This photo was taken like a week ago, my solar panels look exactly like when
Btw, anyone know the name of that plant, I would appreciate it, I can't
remember and the tag is lost.
I never said I planted it, was there when I moved here. I've seen that
plant at a local nursery but don't remember the name, of the plant, I know
the name of the nursery. The original owner had little copper tags by many
of the plants, that one is missing or may never have been. That plant could
have been planted shortly after that deck was built, some twenty six years
ago, not six days ago. Btw, I've been separating and planting pieces in
unprotected areas, so far the deer and rabbits don't eat it.
This is the solar lamp I bought from Lowe's on 11/11/03, still works
perfectly. I paid $35 for a set of two. I wouldn't coat the solar panels
with anything as it may act like a sun screen one applies against sunburn,
blocking the rays that recharge the batteries... I'd think modern auto waxes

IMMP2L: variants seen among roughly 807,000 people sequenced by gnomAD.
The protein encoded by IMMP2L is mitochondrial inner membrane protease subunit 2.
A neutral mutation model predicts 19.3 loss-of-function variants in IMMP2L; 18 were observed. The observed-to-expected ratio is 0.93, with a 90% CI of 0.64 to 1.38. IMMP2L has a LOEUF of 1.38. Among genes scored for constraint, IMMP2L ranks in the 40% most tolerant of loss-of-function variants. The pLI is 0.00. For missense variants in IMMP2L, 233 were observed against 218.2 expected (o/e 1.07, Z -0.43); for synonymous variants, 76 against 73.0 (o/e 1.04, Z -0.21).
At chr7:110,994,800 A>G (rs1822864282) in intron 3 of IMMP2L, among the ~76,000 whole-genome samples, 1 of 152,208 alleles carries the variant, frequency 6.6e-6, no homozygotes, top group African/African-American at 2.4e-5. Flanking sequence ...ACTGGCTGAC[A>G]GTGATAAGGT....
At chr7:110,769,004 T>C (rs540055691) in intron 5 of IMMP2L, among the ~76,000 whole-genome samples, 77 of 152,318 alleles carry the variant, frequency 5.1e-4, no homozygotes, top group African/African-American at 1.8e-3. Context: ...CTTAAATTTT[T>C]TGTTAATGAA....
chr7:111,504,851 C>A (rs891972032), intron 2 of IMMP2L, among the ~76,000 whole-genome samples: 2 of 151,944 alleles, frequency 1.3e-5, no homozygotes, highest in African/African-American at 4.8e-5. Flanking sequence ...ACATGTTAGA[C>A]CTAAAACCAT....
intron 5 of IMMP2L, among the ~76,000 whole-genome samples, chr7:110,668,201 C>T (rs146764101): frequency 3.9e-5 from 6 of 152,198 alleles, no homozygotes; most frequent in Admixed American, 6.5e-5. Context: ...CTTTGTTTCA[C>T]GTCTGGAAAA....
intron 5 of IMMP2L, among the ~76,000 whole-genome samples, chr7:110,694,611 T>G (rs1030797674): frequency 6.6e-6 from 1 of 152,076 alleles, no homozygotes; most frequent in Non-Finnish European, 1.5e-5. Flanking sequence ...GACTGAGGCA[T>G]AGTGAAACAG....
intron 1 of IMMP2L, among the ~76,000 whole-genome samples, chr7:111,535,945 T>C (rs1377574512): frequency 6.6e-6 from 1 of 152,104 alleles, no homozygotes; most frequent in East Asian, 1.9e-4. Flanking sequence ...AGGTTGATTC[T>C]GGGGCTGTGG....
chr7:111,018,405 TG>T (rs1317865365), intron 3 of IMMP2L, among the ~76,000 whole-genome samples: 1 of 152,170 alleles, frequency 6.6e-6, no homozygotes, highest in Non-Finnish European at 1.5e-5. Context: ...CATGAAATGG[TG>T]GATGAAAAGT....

do contain a sunscreen to protect paint finishes.... clearly says any
modification voids the warranty. It's very easy to replace the batteries,
so far I'm still using the original batteries. Don't buy any B & D cordless
vacuum, costs as much to change the battery pack as to buy a new unit.
Malibu makes cheaper (plastic) solar lights too, they also make low voltage
lights, but these are made very substantially of cast aluminum and
beautifully finished, I got the ones with the pewter finish:
When I bought them it was simply an impulse purchase, I did no research,
they just looked nice and the price was right. Initially I wanted solar
lights for markers at the foot of my driveway but soon realized it wouldn't
be such a good idea as anyone passing could make off with them, so I put
them in back at my deck.
on 6/9/2009 10:47 AM (ET) brooklyn1 wrote the following:
I never said I buffed and coated the panels 'out of the box'. The
buffing and coating was done after they clouded over, as an experiment,
like buffing plastic headlights when they cloud up, to see if they would
regain their operation. They did for a while.